Riverside power plant

Wisconsin utilities are being told to give their customers a credit reducing their July bills because of a tax windfall the companies are getting as a result of the new federal tax law. Alliant Energy Corp.'s natural gas-fueled Riverside power plant near Beloit is shown here.

Wisconsin’s investor-owned utility companies must give a total of $130 million to their customers in the form of credits on their July bills followed by monthly reductions, the Wisconsin Public Service Commission has ruled in a preliminary decision.

On a separate matter, the PSC has released a planning document that projects little growth in the state’s use of electricity over the next six years and says Wisconsin residents pay less for power than the nationwide average.

The proposed July bill credit represents the first six months of tax savings the utilities will have amassed since Congress passed major changes to the tax code in late 2017, lowering the corporate tax rate from 35 percent to 21 percent.

“Every customer of an investor-owned utility (in Wisconsin) will receive some sort of bill credit,” said PSC spokesman Matthew Spencer.

Specific amounts were not provided as part of the PSC’s oral decision last Thursday so it is not clear yet how big each customer’s credit will be. The amounts are expected to be included in the three-member panel’s written decision when it is released in a few weeks.

For customers of Alliant Energy Corp., the six-month credit will total about $40 million for electricity customers and $4 million for natural gas customers, spokeswoman Annemarie Newman said.

“This is a good ruling for customers. It is consistent with our plans to return the tax savings to customers,” Newman said.

Madison-based Alliant Energy provides electricity to nearly 1 million customers and natural gas to more than 400,000 customers in southern and central Wisconsin.

Madison Gas & Electric has estimated, in documents filed with the PSC, the six-month credit could amount to a total of $6 million to its electric customers and $2 million to natural gas customers.

“MGE believes this money belongs to our customers, and we are working to return it to them,” spokesman Steve Schultz said.

MGE provides electricity to 151,000 customers in the Madison area and natural gas to 158,000 customers in southern and central Wisconsin.

Energy projections

A preliminary version of a biennial state energy planning report issued by the PSC last Thursday anticipates slow growth in electricity use, with peak demand expected to increase just 0.5 percent a year through 2024.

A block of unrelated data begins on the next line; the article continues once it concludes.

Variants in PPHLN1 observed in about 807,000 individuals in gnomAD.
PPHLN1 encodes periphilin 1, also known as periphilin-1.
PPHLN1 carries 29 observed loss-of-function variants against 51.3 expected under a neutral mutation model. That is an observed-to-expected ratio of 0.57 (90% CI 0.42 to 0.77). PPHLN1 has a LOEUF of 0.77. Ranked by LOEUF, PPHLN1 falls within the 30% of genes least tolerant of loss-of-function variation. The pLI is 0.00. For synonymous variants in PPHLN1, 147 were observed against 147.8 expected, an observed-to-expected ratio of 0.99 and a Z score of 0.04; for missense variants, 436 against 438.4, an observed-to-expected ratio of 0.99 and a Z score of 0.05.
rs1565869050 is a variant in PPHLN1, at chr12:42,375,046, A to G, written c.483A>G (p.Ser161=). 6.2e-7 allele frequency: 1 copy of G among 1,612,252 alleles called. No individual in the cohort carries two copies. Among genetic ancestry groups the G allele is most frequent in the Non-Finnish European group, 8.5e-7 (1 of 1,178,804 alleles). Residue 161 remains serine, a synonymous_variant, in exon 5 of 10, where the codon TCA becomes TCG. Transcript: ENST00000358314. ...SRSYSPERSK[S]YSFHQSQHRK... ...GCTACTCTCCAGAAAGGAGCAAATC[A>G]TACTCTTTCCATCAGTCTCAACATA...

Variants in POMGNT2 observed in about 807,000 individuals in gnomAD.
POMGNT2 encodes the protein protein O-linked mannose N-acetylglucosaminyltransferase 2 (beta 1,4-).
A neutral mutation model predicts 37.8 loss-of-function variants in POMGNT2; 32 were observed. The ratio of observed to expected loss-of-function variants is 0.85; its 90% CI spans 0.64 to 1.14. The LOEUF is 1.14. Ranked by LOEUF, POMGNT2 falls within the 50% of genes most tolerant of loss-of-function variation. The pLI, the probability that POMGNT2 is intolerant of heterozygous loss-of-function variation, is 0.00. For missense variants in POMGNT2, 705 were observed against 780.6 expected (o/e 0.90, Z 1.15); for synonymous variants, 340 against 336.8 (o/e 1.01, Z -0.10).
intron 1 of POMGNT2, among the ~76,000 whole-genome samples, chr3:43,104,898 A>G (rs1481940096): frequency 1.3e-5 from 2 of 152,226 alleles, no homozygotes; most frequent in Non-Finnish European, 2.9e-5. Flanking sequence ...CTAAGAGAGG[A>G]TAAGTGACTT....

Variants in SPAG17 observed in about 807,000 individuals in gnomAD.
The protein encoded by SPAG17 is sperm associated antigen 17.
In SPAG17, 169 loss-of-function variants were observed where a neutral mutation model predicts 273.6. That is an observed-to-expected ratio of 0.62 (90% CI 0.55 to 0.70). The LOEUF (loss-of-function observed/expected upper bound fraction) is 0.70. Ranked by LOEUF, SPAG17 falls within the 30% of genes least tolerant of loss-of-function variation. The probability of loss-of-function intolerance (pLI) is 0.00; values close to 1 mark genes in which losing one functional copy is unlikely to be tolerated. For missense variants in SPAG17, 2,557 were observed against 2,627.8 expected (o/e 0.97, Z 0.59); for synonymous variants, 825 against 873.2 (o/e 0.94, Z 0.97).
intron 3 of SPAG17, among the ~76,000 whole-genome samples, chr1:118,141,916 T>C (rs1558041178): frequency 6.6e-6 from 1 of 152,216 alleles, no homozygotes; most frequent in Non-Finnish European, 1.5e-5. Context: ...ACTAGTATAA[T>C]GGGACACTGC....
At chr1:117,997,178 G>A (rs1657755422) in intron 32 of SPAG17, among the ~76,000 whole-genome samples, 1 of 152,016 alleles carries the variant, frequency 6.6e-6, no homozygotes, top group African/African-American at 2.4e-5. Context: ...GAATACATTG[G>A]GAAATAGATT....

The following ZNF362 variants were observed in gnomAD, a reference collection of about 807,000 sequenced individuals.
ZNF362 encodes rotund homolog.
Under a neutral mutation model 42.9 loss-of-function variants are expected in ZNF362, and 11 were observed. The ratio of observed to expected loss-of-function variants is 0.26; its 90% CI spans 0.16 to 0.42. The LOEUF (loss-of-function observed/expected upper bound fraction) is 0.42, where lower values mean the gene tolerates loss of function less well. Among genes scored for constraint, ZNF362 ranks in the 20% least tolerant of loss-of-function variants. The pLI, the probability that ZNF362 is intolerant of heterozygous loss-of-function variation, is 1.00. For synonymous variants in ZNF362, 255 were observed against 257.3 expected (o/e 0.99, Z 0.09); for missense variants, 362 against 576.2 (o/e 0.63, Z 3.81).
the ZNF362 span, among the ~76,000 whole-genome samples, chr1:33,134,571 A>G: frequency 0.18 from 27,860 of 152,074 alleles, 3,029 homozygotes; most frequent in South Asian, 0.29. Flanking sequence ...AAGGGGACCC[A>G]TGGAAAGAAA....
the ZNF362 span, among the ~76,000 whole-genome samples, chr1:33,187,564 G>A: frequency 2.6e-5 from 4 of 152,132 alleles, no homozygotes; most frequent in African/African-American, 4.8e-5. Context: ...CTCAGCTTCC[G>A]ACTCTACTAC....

The 113-page draft Strategic Energy Assessment, projecting the state’s energy picture through 2024, says Wisconsin should have adequate reserves of electricity over the next six years, except possibly in 2019, even though substantially more power sources will be eliminated than added.

Wisconsin’s utility companies plan to retire 2,100 megawatts of generation by 2024 and to add 796 megawatts during that time. Among the generation slated to be shuttered permanently are the 320-megawatt Edgewater 4 power plant in Sheboygan, partly owned by Alliant Energy; several of Alliant’s small natural gas-fired generators in the Beloit area; and several small MGE natural gas generators in the Madison area.

We Energies, of Milwaukee, already closed its 1,234-megawatt Pleasant Prairie coal-fired plant earlier this month.

“I think the challenge for Wisconsin has been that the utilities over-built the system, so we’ve had more power than we’ve needed for years and that’s one of the reasons the rates have gone up so much higher than other Midwest states,” said Tom Content, executive director of the Citizens Utility Board of Wisconsin.

Content said Wisconsin residential customers have seen their electric rates jump 37 percent since 2009 while inflation has risen 14 percent over that time period.

The draft report shows the average monthly bill for a residential customer of the state’s large, investor-owned utility companies ranges from $85.52 to $106.13, with MGE at the top rate. Alliant customers pay an average of $90.81 a month for power, the report says. Rates are substantially lower for customers of municipal utilities.

Overall, according to an analysis of 2016 billing data by the U.S. Energy Information Administration, the average Wisconsin resident paid $96.08 a month for power compared to the U.S. average of $112.59, with rates as high as $130 a month in some regions.

However, a separate EIA chart showed Wisconsin’s average 2016 residential electric rates were second-highest among eight Midwestern states, behind Indiana, and were the highest in the Midwest for commercial and industrial customers.

The draft report also says Wisconsin customers, on average, use less electricity per month than other Midwestern customers.

The proposed Cardinal-Hickory Creek transmission line from the town of Middleton to the Dubuque, Iowa, area is one of the major transmission additions anticipated between now and 2024, the report says. The 345-kilovolt line would cost up to $543 million, according to an application submitted to the PSC a week ago by the three utilities planning the project.

The PSC will hold a public hearing on the draft Strategic Energy Assessment report on June 19 at 1 p.m. at the Hill Farms Office Building, 4822 Madison Yards Way. The commission also is accepting comments through July 25, either via mail or emailed at psc.wi.gov under docket number 5-ES-109.

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Judy Newman is a business reporter for the Wisconsin State Journal.